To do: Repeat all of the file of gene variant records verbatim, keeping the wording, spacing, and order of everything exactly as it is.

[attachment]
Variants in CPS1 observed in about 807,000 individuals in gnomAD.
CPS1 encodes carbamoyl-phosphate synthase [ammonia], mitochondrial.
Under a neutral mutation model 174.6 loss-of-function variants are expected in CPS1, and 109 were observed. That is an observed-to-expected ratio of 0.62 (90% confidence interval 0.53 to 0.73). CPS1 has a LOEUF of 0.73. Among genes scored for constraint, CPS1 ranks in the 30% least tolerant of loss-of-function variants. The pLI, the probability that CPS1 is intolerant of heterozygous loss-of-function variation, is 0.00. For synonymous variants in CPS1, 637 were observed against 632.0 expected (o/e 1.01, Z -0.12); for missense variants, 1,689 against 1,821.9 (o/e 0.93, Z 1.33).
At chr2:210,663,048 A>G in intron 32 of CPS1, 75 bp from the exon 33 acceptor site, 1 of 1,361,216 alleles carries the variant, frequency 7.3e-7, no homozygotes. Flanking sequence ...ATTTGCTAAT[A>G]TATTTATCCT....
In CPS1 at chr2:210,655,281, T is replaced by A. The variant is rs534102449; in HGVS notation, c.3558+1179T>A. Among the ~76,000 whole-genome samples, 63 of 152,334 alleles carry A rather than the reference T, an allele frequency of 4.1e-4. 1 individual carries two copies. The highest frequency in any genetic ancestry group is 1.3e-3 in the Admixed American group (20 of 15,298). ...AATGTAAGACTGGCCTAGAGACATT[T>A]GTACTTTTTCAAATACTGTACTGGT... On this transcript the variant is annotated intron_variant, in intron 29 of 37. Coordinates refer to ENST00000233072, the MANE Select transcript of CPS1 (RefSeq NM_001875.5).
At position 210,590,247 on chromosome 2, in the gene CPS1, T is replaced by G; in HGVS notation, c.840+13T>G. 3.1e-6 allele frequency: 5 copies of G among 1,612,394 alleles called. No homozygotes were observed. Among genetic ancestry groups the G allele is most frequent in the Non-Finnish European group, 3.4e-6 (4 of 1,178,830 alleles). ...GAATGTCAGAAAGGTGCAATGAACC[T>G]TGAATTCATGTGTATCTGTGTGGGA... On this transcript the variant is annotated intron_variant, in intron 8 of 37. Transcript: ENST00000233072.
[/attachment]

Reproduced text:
Variants in CPS1 observed in about 807,000 individuals in gnomAD.
CPS1 encodes carbamoyl-phosphate synthase [ammonia], mitochondrial.
Under a neutral mutation model 174.6 loss-of-function variants are expected in CPS1, and 109 were observed. That is an observed-to-expected ratio of 0.62 (90% confidence interval 0.53 to 0.73). CPS1 has a LOEUF of 0.73. Among genes scored for constraint, CPS1 ranks in the 30% least tolerant of loss-of-function variants. The pLI, the probability that CPS1 is intolerant of heterozygous loss-of-function variation, is 0.00. For synonymous variants in CPS1, 637 were observed against 632.0 expected (o/e 1.01, Z -0.12); for missense variants, 1,689 against 1,821.9 (o/e 0.93, Z 1.33).
At chr2:210,663,048 A>G in intron 32 of CPS1, 75 bp from the exon 33 acceptor site, 1 of 1,361,216 alleles carries the variant, frequency 7.3e-7, no homozygotes. Flanking sequence ...ATTTGCTAAT[A>G]TATTTATCCT....
In CPS1 at chr2:210,655,281, T is replaced by A. The variant is rs534102449; in HGVS notation, c.3558+1179T>A. Among the ~76,000 whole-genome samples, 63 of 152,334 alleles carry A rather than the reference T, an allele frequency of 4.1e-4. 1 individual carries two copies. The highest frequency in any genetic ancestry group is 1.3e-3 in the Admixed American group (20 of 15,298). ...AATGTAAGACTGGCCTAGAGACATT[T>A]GTACTTTTTCAAATACTGTACTGGT... On this transcript the variant is annotated intron_variant, in intron 29 of 37. Coordinates refer to ENST00000233072, the MANE Select transcript of CPS1 (RefSeq NM_001875.5).
At position 210,590,247 on chromosome 2, in the gene CPS1, T is replaced by G; in HGVS notation, c.840+13T>G. 3.1e-6 allele frequency: 5 copies of G among 1,612,394 alleles called. No homozygotes were observed. Among genetic ancestry groups the G allele is most frequent in the Non-Finnish European group, 3.4e-6 (4 of 1,178,830 alleles). ...GAATGTCAGAAAGGTGCAATGAACC[T>G]TGAATTCATGTGTATCTGTGTGGGA... On this transcript the variant is annotated intron_variant, in intron 8 of 37. Transcript: ENST00000233072.